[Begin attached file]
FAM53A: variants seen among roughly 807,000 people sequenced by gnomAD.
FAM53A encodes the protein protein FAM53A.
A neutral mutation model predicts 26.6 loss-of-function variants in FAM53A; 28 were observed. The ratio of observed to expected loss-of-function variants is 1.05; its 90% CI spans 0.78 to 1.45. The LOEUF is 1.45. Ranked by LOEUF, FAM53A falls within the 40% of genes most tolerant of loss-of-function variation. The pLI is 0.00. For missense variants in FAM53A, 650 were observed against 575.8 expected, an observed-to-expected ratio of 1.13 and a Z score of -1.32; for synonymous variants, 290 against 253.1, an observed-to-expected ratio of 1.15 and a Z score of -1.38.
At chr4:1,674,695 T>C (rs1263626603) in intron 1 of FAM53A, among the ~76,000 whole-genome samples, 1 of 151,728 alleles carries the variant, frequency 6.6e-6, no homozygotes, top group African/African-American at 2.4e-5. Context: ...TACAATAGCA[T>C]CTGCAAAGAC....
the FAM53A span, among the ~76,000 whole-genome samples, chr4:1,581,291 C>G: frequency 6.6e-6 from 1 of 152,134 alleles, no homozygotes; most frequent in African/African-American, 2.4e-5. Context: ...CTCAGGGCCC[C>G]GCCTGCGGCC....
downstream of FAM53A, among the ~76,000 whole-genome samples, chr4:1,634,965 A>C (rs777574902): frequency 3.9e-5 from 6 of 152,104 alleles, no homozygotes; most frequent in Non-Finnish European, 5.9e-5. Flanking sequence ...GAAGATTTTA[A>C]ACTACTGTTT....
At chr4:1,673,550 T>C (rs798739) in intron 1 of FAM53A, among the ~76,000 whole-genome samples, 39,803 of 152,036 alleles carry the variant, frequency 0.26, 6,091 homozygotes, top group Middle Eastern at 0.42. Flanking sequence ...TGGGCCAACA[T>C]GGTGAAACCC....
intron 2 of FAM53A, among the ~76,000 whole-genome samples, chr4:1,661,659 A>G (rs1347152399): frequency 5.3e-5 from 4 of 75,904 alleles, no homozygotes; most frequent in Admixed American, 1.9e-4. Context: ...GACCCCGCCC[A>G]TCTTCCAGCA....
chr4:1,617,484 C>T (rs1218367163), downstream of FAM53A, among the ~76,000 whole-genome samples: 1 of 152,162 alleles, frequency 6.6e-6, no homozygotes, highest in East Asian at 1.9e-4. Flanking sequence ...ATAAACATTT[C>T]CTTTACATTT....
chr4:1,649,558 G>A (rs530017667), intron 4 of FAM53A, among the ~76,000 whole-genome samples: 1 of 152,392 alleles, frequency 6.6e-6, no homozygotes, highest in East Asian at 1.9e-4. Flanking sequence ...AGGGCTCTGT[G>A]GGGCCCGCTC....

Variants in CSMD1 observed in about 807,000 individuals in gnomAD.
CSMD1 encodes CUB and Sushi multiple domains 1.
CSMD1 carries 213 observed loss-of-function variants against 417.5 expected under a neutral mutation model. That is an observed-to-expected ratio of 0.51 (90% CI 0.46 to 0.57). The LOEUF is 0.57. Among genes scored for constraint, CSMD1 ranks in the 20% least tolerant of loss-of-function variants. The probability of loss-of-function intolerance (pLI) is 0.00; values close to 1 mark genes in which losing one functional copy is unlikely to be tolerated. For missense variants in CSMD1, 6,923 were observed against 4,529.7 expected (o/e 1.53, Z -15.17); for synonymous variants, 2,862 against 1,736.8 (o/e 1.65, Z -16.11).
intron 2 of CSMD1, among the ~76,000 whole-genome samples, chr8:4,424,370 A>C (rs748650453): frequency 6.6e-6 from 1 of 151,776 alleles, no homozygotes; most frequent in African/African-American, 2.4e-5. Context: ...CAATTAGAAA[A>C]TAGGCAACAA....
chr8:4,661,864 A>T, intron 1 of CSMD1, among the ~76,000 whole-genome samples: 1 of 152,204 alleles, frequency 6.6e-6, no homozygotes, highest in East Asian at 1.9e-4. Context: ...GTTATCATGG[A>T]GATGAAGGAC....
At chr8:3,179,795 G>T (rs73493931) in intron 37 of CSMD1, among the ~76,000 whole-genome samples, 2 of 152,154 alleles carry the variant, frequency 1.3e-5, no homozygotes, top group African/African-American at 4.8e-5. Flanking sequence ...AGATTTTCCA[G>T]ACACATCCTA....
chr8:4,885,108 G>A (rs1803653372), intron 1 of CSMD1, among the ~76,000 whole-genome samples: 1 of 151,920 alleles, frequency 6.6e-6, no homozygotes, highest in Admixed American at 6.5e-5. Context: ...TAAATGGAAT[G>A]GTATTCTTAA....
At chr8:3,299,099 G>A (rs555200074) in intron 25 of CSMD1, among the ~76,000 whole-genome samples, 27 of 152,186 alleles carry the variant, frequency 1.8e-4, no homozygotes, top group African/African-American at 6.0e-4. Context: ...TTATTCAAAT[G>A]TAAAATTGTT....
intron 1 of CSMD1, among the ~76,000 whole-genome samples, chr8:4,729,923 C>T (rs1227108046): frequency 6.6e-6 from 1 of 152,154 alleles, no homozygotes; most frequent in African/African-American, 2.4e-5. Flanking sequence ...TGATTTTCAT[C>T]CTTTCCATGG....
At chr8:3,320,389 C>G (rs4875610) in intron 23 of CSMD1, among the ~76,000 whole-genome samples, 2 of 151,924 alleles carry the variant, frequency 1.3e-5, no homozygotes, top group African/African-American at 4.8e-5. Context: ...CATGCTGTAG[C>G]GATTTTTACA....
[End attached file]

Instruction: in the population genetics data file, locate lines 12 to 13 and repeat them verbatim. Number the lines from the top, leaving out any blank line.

CSMD1 encodes CUB and Sushi multiple domains 1.
CSMD1 carries 213 observed loss-of-function variants against 417.5 expected under a neutral mutation model. That is an observed-to-expected ratio of 0.51 (90% CI 0.46 to 0.57). The LOEUF is 0.57. Among genes scored for constraint, CSMD1 ranks in the 20% least tolerant of loss-of-function variants. The probability of loss-of-function intolerance (pLI) is 0.00; values close to 1 mark genes in which losing one functional copy is unlikely to be tolerated. For missense variants in CSMD1, 6,923 were observed against 4,529.7 expected (o/e 1.53, Z -15.17); for synonymous variants, 2,862 against 1,736.8 (o/e 1.65, Z -16.11).